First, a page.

May Corn 25 to 30 higher
May Beans 20 to 30 higher
May Wheat 75 higher
The first chart below is the corn continuation chart. Note the three different uptrend lines just above the arrow. Each one reflects the trend for a shorter period of time. Corn settled sharply lower Friday, yet stayed above all three uptrend lines. That is strong!
Three weeks ago tonight, the soybeans gapped higher. We all wanted to know if it was a “measuring gap” or an “exhaustion gap”. I had written we would know by Friday of that week.
“Measuring gaps” are like how many miles to a given town along the interstate only we are talking cents to next peak in price.
“Exhaustion gaps” tell us the uptrend has run out energy and the rally is over. It is like seeing a sign that says the next gas station is 532 miles after you passed a gas station 30 miles back.
The gap made three weeks ago turned out to be a measuring gap and the measure projected the next high would be in the area of $17.75. Thursday's high was within 16 cents of the first gap target. See the chart below.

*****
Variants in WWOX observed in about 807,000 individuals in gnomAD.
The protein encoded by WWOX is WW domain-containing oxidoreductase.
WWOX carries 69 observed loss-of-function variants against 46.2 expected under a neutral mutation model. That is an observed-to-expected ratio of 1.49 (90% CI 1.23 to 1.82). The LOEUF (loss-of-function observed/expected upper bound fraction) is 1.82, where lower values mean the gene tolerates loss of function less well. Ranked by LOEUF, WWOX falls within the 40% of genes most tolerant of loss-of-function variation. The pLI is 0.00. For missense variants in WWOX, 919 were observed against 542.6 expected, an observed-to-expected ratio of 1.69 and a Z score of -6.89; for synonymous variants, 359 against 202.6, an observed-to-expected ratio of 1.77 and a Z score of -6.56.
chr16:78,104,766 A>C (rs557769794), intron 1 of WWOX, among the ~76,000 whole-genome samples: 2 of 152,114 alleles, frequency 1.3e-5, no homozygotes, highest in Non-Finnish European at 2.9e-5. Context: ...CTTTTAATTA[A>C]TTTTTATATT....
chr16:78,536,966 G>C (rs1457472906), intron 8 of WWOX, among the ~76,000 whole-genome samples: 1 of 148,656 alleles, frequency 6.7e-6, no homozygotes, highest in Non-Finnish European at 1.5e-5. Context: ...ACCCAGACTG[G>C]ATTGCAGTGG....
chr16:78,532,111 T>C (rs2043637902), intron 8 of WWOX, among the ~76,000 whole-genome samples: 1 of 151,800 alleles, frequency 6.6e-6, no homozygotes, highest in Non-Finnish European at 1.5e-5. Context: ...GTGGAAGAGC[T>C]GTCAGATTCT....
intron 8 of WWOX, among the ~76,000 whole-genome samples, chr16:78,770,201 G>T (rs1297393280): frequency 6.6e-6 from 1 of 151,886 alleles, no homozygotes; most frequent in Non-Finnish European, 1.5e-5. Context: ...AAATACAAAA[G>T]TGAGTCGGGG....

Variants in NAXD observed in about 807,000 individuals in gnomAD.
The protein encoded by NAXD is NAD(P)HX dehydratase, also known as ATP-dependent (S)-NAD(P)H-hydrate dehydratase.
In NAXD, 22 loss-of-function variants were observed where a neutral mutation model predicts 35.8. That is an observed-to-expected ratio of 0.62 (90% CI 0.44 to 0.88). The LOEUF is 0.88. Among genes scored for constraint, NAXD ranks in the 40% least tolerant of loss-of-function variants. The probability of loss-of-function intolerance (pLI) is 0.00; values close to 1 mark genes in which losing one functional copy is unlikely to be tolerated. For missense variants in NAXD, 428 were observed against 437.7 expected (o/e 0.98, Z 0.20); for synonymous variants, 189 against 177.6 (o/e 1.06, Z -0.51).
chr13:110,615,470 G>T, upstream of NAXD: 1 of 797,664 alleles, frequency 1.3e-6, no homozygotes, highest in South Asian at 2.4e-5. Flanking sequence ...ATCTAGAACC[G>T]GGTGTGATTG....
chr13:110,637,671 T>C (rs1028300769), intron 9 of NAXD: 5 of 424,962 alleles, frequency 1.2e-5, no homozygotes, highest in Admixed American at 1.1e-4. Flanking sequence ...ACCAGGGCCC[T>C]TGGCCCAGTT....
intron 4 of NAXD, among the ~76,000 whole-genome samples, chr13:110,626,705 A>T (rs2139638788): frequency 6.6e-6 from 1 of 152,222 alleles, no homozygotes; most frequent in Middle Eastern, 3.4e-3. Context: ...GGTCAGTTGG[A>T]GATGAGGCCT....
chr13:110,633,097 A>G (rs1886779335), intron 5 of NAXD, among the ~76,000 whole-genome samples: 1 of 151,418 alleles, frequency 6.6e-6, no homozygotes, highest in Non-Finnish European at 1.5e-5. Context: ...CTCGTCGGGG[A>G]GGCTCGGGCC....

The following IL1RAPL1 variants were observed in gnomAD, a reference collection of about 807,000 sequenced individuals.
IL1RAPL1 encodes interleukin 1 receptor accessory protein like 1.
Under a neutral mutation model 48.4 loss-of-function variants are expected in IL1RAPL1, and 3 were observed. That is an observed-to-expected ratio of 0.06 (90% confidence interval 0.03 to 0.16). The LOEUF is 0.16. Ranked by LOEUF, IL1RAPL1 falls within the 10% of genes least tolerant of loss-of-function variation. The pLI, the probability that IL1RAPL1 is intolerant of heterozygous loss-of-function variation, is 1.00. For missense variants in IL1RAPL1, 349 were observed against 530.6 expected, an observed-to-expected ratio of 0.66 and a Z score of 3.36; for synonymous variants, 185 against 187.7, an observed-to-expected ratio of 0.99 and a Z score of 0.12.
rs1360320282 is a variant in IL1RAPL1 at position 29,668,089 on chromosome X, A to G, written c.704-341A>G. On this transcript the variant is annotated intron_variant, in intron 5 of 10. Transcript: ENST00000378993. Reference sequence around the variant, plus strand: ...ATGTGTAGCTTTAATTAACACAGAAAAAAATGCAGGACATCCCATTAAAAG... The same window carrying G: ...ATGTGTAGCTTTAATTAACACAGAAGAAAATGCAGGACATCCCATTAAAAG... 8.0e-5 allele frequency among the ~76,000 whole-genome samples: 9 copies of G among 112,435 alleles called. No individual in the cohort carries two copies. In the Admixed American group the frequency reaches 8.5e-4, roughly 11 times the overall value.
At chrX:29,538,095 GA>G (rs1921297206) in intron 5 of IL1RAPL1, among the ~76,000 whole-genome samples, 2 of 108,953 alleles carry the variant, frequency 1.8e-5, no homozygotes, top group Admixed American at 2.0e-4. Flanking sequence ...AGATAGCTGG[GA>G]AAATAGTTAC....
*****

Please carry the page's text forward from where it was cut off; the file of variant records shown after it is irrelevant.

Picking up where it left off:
We adjusted the leg/wave count to Thursday’s high of $17.59¼ labeled “3” (green circle) and low on Jan 18 remaining the “2” point (yellow circle).
The 2-3 leg (red horizontal lines) is $4.09 (far right arrows). Friday’s low of $15.79 was a 44% correction of that leg, which is labeled “4” (red circle).
The beans could sell down to $15.54 before the 4 leg is complete; $15.54 would be a 50% retracement, which is a pretty standard retracement of any move.
After the “4” move is complete, the market will begin next move up, which its peak will be marked as wave “5”.
If I am wrong on the above, soybeans could sell down into next supply/demand line on March 9th around $14.72.
A couples days ago, Roger wrote that corn could decline $2.20 and still be in an uptrend. His math was a bit off; it is just $1.20 and still be in an uptrend, which is very impressive, none-the-less.
Speaking of impressive, May soybeans can decline $4.10 and still be above the 100 day moving average!